What is menopause?
Menopause is a normal change in a woman's life when her periods stop—some women call menopause “the change of life.” During menopause, a woman's body slowly makes less of the hormones estrogen and progesterone. This usually happens between the ages of 45 and 55. A woman has reached menopause when she has not had a period for 12 months in a row, and there are no other causes for this change (such as pregnancy). Menopause is considered early or premature if it occurs before age 40.9 The average age of menopause is 51 years.10
During and after menopause, a woman's ovaries no longer produce estrogen, though her body still produces a small amount of this hormone. It is partly this lack of estrogen that increases a woman's risk of having a stroke.
What is surgical menopause?
Surgical menopause is when your periods stop because of the surgical removal of the uterus. This procedure is called a hysterectomy, and it may also involve removing one or both ovaries. Your periods stop once your uterus is removed; however, your body will continue to produce estrogen if your ovaries are left intact.10, 11 Eventually you will stop producing estrogen with natural menopause, probably a year or 2 earlier than if you still had a uterus. You may also have surgery to remove your ovaries but that leaves your uterus in place. This procedure is called oophorectomy. If both ovaries are removed, you will enter menopause. If only one is removed, you will continue to have periods until natural menopause. Some medical treatments, such as radiation treatment for cancer, may damage the ovaries and trigger menopause.
Each year, more than 600,000 hysterectomies are performed in the US. One in three women in the US have had a hysterectomy by age 60.11 African-American, Hispanic, and American-Indian women are significantly more likely to have a hysterectomy than white women, while Asian/Pacific Islander women are less likely.10
Should I consider hormone therapy to reduce my risk of stroke?
No. Clinical trial data indicate that estrogen plus progestin hormone therapy, as well as estrogen alone, increases stroke risk in healthy postmenopausal women and provides no protection against stroke for women with established heart disease. The Women's Health Initiative clinical trial examined 16,608 generally healthy postmenopausal women and found that estrogen plus progestin increased stroke risk by 44%, including in women with no history of cardiovascular disease.2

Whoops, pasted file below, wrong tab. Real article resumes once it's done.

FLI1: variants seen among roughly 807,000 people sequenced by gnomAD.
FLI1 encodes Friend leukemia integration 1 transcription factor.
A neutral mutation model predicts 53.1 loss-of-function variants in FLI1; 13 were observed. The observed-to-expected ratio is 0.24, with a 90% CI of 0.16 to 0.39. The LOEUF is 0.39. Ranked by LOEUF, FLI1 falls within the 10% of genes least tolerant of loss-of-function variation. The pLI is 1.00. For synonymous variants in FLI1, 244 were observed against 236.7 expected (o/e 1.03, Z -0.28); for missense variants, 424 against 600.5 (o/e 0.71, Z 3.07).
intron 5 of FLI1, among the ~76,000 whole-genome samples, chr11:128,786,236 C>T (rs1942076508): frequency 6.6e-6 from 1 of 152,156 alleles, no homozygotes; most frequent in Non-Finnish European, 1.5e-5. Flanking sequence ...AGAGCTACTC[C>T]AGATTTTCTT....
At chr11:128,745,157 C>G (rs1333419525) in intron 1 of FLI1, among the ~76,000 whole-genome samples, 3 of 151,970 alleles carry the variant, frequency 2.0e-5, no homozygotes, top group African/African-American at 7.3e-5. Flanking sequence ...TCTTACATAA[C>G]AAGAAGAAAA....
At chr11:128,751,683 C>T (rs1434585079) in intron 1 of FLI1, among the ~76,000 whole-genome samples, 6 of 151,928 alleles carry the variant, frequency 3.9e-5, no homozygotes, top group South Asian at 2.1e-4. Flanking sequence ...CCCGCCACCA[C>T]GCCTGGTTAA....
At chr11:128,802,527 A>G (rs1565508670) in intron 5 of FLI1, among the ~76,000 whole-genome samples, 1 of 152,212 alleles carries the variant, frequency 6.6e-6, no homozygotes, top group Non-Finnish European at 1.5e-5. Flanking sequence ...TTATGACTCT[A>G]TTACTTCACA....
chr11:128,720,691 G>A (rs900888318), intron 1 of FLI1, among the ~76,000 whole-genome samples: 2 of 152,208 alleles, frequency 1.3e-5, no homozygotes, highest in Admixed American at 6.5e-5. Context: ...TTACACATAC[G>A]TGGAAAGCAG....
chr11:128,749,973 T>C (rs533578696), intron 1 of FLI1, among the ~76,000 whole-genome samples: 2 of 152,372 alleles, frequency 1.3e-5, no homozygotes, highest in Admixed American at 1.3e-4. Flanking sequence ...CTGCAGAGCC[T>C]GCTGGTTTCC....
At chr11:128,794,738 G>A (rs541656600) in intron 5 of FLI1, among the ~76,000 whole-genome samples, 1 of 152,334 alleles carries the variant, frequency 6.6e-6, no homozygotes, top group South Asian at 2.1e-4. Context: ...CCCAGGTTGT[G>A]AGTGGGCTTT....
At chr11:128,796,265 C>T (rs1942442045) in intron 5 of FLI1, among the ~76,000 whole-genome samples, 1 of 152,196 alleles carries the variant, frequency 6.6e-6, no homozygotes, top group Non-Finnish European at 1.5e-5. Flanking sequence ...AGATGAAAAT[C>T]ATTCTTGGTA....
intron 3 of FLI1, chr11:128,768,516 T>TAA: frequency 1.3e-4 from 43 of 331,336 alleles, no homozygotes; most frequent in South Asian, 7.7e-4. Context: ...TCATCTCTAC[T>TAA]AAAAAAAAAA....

If you are currently taking hormone therapy and are worried about increased stroke risk, see your doctor about gradually tapering off.
Click here to learn more about hormone therapy and stroke.
Does age at menopause affect my risk of having a stroke?
Early or premature menopause has been linked to early death. A study of more than 6000 women found that those who underwent early menopause (ages 35 to 40) had a greater likelihood of dying early from any cause.12
However, with respect to stroke, a study involving close to 20,000 Norwegian women found no link—after a 37-year follow-up—between age at natural menopause (early, normal, or late menopause) and dying from stroke. A Spanish study also found no significant relationship between having a stroke and particular age at menopause.13, 14
Do age and menopause have an effect on other risk factors for stroke?
Yes. The risk of developing diabetes, high blood pressure, and high cholesterol increases with age. Almost all risk factors become more common in women than in men at older ages because women live longer than men, and after menopause women lose the protective benefits of estrogen. Only smoking remains more common in older men.15Menopause, either natural or surgical, increases your levels of total cholesterol. It also increases levels of chemicals involved in the body's immune system response, such as interleukin-6, and it increases levels of homocysteine, a protein linked to the development of damaged arteries.16-19 Both of these compounds may increase your risk of stroke.
The risk of developing metabolic syndrome—a collection of risk factors for both heart disease and stroke, including a large waistline (greater than 35 inches), higher than normal blood sugar, blood pressure, and triglycerides—is higher in postmenopausal than premenopausal women.20